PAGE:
Once you know your long-term goals and a strategy to reach them, you may create short and mid-term objectives that make progress toward those goals. Creating a few shorter goals and dividing them among different teams can help the productivity stay consistent. You can then divide these goals into tasks that each team member or department completes, as this makes day-to-day responsibilities more clear. These goals are also the top priority goals to get the project started and keep it moving forward.
Related: Tips on Setting Goals
3. Create metrics for goals and progress
With all of your goals set, you can design metrics to ensure that you and your team members can finish tasks and ultimately complete the project. Metrics are a way that you can measure how successful a team is and how quickly it can complete similar tasks. For example, one team might start and finish designing software in two months, but a second team takes three. The second team uses extensive testing and produces higher quality software than the first. In these cases, both speed and quality are metrics for these teams.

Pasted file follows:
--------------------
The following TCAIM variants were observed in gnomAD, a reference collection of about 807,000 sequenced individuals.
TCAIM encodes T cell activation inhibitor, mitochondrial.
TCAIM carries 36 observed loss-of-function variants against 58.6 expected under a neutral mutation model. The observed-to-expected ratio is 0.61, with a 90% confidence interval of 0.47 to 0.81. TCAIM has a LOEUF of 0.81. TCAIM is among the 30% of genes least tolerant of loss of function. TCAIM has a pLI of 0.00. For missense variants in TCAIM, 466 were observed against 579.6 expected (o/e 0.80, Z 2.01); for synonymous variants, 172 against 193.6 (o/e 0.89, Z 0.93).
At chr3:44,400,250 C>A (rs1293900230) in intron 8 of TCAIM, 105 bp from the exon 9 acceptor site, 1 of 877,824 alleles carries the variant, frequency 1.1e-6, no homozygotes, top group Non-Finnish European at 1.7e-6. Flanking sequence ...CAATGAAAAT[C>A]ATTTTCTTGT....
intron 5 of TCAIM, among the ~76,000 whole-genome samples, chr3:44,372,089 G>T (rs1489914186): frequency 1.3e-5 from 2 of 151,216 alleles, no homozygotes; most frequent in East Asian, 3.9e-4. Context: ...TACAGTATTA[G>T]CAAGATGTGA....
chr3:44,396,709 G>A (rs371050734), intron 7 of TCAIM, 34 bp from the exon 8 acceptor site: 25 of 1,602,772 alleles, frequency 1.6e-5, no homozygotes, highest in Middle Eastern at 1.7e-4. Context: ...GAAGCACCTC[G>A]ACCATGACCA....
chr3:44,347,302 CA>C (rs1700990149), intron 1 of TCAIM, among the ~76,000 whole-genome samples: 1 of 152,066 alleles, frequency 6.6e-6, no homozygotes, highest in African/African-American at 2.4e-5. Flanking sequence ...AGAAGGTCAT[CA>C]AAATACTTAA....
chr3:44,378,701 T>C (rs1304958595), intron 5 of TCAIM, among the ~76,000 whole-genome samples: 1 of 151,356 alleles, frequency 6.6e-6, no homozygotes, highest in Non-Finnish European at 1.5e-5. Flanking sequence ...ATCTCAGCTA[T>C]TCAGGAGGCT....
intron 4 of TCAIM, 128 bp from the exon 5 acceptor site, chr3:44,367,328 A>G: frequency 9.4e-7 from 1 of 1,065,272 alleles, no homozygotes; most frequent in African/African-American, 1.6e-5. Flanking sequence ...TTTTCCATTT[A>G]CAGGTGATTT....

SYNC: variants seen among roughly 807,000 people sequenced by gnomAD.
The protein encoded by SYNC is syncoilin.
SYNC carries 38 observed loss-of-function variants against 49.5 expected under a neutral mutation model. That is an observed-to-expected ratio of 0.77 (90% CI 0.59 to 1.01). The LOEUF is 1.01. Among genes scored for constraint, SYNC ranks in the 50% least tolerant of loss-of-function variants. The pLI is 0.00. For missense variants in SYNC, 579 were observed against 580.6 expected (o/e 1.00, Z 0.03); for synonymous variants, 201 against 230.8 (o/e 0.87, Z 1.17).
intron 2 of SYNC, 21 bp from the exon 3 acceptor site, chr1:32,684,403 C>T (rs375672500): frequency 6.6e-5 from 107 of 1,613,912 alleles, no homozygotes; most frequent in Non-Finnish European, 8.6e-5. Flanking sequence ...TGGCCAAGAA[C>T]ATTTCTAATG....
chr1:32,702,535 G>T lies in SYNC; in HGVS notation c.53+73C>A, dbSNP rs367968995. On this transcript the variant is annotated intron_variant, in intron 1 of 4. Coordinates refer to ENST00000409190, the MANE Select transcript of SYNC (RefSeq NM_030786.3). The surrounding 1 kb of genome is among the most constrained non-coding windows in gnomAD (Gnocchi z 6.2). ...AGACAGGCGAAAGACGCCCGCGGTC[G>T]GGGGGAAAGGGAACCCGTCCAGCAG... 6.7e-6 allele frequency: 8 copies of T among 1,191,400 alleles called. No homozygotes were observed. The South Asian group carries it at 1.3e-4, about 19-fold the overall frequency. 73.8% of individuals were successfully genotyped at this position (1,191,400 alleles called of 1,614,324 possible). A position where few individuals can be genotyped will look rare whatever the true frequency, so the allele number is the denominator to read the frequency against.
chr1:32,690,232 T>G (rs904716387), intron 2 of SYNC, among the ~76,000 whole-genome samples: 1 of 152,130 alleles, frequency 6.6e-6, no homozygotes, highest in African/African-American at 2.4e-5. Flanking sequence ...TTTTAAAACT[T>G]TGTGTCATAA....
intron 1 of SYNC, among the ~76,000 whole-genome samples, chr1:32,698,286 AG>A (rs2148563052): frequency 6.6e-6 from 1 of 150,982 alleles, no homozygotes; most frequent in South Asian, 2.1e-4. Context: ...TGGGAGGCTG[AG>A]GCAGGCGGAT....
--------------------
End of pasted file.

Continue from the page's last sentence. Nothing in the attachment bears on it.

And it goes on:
Related: Helpful Metrics To Measure Success
4. Note connections between team members and departments
Sometimes after designing an X-matrix, you may notice that one team is waiting for completed tasks from another team. While this is common in project management, you can create more efficient processes by assigning other tasks to the team while they wait for work from other teams. You can also use the connections on the X-matrix to design collaboration spaces for your teams in either a physical or virtual format and determine who speaks to each other when tasks move from one team to another. For example, you can have only team leaders talk to each other.
5. Revise and update X-matrix as you meet project goals
Designing an X-matrix may take some practice, so as you meet project goals, consider revision segments of the X-matrix to reflect what is happening in real-time and manage issues as they arise. You can update the X-matrix as you complete goals to show team members what the next tasks are and how they can accomplish them. At the end of the project, you can remove the X-matrix and start a new one for a new project or update the original one to reflect your current long and short-term goals.